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IVF (In vitro fertilisation)


About IVF

In vitro fertilisation (IVF) is a treatment to help couples with fertility problems to have a baby. In IVF, sperm is combined with an egg in a laboratory and the fertilised egg (embryo) is transferred to a woman's womb.

IVF treatment may help if:

  • your ovaries don't produce eggs regularly
  • you have damaged or blocked fallopian tubes
  • you have problems with your sperm

IVF can also help couples who have unexplained infertility. IVF can be carried out with your own sperm and eggs or with donor sperm or donor eggs.

How can I prepare for my IVF?

Your doctor will explain how to prepare and what will happen when you have IVF. For women, you will need to take medicines to control the timing of your monthly cycle. This will ensure your eggs can be removed and fertilised on a specific day. You will also take a medicine to boost the number of eggs your ovaries produce.

Your hospital may ask you not to eat or drink anything for a set time before your procedure to collect eggs. You will be seen as a day case. Arrange to have someone take you home afterwards.

What happens during my IVF?

Before your treatment starts, your doctor will talk you through the IVF process and ask you to sign a consent form.

IVF egg collection is usually performed under sedation. This will help you to relax and relieve any anxiety. Your doctor will insert a needle through your vagina and into your ovary and collect your eggs. Your doctor will use ultrasound to help guide the needle into your ovaries. Men are usually asked to produce a sperm sample on the same day.

Your sperm and eggs are mixed together in a laboratory to make embryos and stored in an incubator for up to six days.

Next you will return to hospital and your doctor will place up to three embryos in your womb. Your doctor will insert a catheter (fine tube) into your vagina and through to your cervix (neck of your womb). He or she will use ultrasound as a guide to put this in the right place. Your doctor will then pass the embryos down the catheter into your womb. You don't normally need sedation for this procedure.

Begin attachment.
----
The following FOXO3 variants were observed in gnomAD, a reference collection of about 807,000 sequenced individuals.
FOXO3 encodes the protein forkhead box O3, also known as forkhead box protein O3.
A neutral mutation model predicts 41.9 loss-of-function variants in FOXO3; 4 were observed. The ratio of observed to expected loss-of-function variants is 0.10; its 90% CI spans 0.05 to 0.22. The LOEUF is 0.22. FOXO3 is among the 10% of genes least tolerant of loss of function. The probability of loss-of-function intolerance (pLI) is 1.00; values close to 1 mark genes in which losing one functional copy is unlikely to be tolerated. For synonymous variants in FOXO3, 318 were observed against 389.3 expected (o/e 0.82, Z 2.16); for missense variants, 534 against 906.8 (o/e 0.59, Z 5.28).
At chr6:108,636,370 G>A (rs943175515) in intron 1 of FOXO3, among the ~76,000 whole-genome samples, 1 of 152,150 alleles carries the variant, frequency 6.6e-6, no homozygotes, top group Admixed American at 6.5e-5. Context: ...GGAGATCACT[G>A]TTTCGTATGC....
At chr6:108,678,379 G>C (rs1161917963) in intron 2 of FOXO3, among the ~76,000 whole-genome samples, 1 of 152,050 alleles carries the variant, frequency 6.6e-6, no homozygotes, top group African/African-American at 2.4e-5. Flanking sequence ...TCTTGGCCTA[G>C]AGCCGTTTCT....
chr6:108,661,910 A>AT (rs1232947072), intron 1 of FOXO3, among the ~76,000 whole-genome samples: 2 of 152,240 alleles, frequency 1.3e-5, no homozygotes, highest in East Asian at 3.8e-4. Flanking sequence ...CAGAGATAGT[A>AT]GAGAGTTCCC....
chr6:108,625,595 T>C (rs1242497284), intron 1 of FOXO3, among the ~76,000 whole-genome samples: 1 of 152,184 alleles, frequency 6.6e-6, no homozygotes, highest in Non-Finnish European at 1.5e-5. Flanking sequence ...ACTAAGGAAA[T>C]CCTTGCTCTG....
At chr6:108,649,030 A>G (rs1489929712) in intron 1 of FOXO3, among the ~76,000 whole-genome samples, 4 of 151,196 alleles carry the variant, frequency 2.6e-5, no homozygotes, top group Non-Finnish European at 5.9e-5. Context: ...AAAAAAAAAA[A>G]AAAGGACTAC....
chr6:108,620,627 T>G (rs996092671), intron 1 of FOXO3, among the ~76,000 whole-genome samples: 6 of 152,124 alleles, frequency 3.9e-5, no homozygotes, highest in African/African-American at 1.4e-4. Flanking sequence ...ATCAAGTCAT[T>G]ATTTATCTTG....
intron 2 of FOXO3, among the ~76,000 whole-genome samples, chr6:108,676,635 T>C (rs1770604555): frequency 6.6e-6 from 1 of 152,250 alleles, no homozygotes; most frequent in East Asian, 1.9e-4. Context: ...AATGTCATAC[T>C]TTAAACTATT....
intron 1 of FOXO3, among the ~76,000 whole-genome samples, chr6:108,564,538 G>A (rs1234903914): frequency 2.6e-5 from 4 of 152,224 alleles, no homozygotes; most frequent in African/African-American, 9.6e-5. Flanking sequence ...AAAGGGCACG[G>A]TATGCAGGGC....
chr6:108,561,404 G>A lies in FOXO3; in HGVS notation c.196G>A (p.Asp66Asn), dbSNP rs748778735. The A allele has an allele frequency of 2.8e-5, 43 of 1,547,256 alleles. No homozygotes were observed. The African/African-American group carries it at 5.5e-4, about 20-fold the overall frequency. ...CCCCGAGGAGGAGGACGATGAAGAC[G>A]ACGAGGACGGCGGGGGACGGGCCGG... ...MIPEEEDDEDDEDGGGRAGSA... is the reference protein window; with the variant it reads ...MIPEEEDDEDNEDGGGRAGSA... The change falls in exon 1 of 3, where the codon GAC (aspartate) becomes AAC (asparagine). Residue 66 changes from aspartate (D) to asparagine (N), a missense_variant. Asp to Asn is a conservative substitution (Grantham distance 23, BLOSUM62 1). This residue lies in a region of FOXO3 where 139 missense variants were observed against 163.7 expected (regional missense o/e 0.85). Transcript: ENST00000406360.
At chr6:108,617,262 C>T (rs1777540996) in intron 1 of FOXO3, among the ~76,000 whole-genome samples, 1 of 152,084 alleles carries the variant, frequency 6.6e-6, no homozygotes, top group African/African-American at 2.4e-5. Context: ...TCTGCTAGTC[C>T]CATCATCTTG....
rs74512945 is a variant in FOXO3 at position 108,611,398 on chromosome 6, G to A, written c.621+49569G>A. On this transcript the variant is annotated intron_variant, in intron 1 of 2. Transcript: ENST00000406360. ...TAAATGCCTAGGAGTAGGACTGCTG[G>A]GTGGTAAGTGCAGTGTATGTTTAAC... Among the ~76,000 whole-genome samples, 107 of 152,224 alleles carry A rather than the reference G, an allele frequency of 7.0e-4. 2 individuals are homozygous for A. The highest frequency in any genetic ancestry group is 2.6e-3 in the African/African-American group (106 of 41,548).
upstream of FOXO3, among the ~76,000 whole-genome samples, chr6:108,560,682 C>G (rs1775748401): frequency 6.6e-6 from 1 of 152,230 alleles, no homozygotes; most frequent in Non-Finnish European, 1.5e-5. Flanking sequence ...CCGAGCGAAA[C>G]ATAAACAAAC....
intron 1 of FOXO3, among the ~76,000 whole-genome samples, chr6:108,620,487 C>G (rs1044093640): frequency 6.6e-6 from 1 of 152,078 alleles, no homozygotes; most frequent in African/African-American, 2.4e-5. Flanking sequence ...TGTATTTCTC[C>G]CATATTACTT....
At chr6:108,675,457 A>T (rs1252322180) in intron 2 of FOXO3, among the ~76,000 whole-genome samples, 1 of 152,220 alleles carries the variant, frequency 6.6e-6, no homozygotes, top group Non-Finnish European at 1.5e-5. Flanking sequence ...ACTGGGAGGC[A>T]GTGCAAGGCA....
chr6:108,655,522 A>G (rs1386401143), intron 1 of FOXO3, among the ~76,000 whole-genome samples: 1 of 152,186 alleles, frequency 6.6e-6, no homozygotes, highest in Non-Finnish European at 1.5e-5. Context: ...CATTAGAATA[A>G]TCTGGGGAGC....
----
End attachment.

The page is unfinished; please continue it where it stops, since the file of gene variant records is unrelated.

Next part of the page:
You can go home after both the egg collecting and embryo transfer procedures and don't need to stay in hospital.

IVF treatment process

Are there any complications or risks of my IVF?

As with every procedure, there are complications associated with IVF. Speak to your doctor for more information.

Complications of IVF include possible birth defects in your baby. These can include heart problems and problems with their digestion. Your baby may also be a lower weight than a baby conceived naturally. You can be more likely to give birth to more than one baby (twins, triplets or more) if you have IVF.

Recovering from IVF

You might have some pain and discomfort in your abdomen (tummy) after IVF egg collection. You may have some bleeding from your vagina too. You should recover within one to two days.

You should recover almost straight away after the embryo transfer. However, it's important not to do any strenuous activity for a few days.

How much does IVF cost?

For a guide to what you could pay for an IVF harvest, click here.

What to do now

Once you have decided that you would like to be treated at an HCA hospital, or would like further information, here's what to do next:

  1. Call one of our advisors on + 44 (0) 20 7079 4399 or complete our web enquiry form.
  2. Check with your insurance company that your policy covers your treatment, and obtain authorisation.
  3. Visit or call your GP to obtain a referral letter and then call us to make an appointment to visit your chosen consultant and hospital at a time to suit you.
The Harley Street Clinic
The Lister Hospital
London Bridge Hospital
The Portland Hospital
The Princess Grace Hospital
Wellington hospital
Harley Street at University College Hospital
Harley Street Queens
The Christie Clinic
Sarah Cannon Research UK
Blossoms Healthcare
Roodlane Medical
Galen Health Partners
52 Alderley Road
The London Gamma Knife Centre at St Bartholomew's
HCA Healthcare UK

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